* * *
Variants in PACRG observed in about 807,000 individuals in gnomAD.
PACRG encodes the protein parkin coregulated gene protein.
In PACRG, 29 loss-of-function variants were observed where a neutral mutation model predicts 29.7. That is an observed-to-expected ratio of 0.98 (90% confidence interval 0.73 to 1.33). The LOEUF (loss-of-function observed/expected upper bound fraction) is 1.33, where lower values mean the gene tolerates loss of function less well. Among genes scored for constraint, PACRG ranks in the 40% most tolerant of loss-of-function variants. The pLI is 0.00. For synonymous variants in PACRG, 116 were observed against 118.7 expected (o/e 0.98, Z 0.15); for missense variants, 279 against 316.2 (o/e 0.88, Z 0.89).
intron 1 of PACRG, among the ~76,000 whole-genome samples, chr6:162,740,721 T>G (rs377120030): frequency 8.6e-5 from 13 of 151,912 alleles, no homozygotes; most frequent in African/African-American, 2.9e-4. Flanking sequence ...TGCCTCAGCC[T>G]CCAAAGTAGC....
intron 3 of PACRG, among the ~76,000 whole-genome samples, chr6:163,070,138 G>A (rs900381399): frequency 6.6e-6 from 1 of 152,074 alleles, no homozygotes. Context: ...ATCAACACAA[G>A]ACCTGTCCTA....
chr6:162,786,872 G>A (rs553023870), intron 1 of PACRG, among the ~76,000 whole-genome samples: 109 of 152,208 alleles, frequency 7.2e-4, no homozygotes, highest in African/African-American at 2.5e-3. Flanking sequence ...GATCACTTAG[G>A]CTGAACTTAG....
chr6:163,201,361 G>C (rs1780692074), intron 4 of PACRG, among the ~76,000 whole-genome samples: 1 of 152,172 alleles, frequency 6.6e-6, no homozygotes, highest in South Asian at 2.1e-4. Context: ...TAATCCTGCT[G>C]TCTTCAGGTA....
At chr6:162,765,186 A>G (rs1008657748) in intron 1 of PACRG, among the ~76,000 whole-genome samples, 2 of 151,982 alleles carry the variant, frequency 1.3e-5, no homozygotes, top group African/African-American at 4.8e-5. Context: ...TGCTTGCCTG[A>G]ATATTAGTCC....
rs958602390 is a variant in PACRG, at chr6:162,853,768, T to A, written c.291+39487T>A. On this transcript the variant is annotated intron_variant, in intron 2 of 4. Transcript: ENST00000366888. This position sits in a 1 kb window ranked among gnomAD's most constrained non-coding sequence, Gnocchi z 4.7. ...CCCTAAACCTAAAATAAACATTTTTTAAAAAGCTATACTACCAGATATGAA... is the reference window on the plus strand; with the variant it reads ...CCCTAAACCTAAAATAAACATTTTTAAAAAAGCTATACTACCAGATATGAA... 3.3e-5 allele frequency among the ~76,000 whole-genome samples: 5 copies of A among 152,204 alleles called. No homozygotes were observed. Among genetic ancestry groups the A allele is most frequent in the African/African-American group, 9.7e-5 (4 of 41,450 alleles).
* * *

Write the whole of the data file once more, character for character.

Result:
Variants in PACRG observed in about 807,000 individuals in gnomAD.
PACRG encodes the protein parkin coregulated gene protein.
In PACRG, 29 loss-of-function variants were observed where a neutral mutation model predicts 29.7. That is an observed-to-expected ratio of 0.98 (90% confidence interval 0.73 to 1.33). The LOEUF (loss-of-function observed/expected upper bound fraction) is 1.33, where lower values mean the gene tolerates loss of function less well. Among genes scored for constraint, PACRG ranks in the 40% most tolerant of loss-of-function variants. The pLI is 0.00. For synonymous variants in PACRG, 116 were observed against 118.7 expected (o/e 0.98, Z 0.15); for missense variants, 279 against 316.2 (o/e 0.88, Z 0.89).
intron 1 of PACRG, among the ~76,000 whole-genome samples, chr6:162,740,721 T>G (rs377120030): frequency 8.6e-5 from 13 of 151,912 alleles, no homozygotes; most frequent in African/African-American, 2.9e-4. Flanking sequence ...TGCCTCAGCC[T>G]CCAAAGTAGC....
intron 3 of PACRG, among the ~76,000 whole-genome samples, chr6:163,070,138 G>A (rs900381399): frequency 6.6e-6 from 1 of 152,074 alleles, no homozygotes. Context: ...ATCAACACAA[G>A]ACCTGTCCTA....
chr6:162,786,872 G>A (rs553023870), intron 1 of PACRG, among the ~76,000 whole-genome samples: 109 of 152,208 alleles, frequency 7.2e-4, no homozygotes, highest in African/African-American at 2.5e-3. Flanking sequence ...GATCACTTAG[G>A]CTGAACTTAG....
chr6:163,201,361 G>C (rs1780692074), intron 4 of PACRG, among the ~76,000 whole-genome samples: 1 of 152,172 alleles, frequency 6.6e-6, no homozygotes, highest in South Asian at 2.1e-4. Context: ...TAATCCTGCT[G>C]TCTTCAGGTA....
At chr6:162,765,186 A>G (rs1008657748) in intron 1 of PACRG, among the ~76,000 whole-genome samples, 2 of 151,982 alleles carry the variant, frequency 1.3e-5, no homozygotes, top group African/African-American at 4.8e-5. Context: ...TGCTTGCCTG[A>G]ATATTAGTCC....
rs958602390 is a variant in PACRG, at chr6:162,853,768, T to A, written c.291+39487T>A. On this transcript the variant is annotated intron_variant, in intron 2 of 4. Transcript: ENST00000366888. This position sits in a 1 kb window ranked among gnomAD's most constrained non-coding sequence, Gnocchi z 4.7. ...CCCTAAACCTAAAATAAACATTTTTTAAAAAGCTATACTACCAGATATGAA... is the reference window on the plus strand; with the variant it reads ...CCCTAAACCTAAAATAAACATTTTTAAAAAAGCTATACTACCAGATATGAA... 3.3e-5 allele frequency among the ~76,000 whole-genome samples: 5 copies of A among 152,204 alleles called. No homozygotes were observed. Among genetic ancestry groups the A allele is most frequent in the African/African-American group, 9.7e-5 (4 of 41,450 alleles).